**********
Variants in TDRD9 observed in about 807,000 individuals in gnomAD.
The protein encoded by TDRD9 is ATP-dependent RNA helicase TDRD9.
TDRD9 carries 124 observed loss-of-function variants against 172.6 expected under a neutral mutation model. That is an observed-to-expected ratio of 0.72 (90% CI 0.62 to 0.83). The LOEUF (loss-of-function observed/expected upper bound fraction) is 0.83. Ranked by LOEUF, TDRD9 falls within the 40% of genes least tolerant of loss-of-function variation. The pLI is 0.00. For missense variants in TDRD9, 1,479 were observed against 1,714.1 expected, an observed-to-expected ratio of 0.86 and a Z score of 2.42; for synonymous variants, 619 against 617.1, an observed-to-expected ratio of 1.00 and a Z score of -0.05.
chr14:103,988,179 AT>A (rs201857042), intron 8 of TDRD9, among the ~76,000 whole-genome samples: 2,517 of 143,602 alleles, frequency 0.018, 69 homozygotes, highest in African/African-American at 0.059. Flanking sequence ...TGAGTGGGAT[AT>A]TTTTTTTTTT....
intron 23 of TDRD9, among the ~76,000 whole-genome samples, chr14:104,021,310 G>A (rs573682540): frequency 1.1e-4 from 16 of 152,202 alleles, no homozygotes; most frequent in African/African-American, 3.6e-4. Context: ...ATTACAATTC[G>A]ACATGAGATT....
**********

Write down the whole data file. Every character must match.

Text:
Variants in TDRD9 observed in about 807,000 individuals in gnomAD.
The protein encoded by TDRD9 is ATP-dependent RNA helicase TDRD9.
TDRD9 carries 124 observed loss-of-function variants against 172.6 expected under a neutral mutation model. That is an observed-to-expected ratio of 0.72 (90% CI 0.62 to 0.83). The LOEUF (loss-of-function observed/expected upper bound fraction) is 0.83. Ranked by LOEUF, TDRD9 falls within the 40% of genes least tolerant of loss-of-function variation. The pLI is 0.00. For missense variants in TDRD9, 1,479 were observed against 1,714.1 expected, an observed-to-expected ratio of 0.86 and a Z score of 2.42; for synonymous variants, 619 against 617.1, an observed-to-expected ratio of 1.00 and a Z score of -0.05.
chr14:103,988,179 AT>A (rs201857042), intron 8 of TDRD9, among the ~76,000 whole-genome samples: 2,517 of 143,602 alleles, frequency 0.018, 69 homozygotes, highest in African/African-American at 0.059. Flanking sequence ...TGAGTGGGAT[AT>A]TTTTTTTTTT....
intron 23 of TDRD9, among the ~76,000 whole-genome samples, chr14:104,021,310 G>A (rs573682540): frequency 1.1e-4 from 16 of 152,202 alleles, no homozygotes; most frequent in African/African-American, 3.6e-4. Context: ...ATTACAATTC[G>A]ACATGAGATT....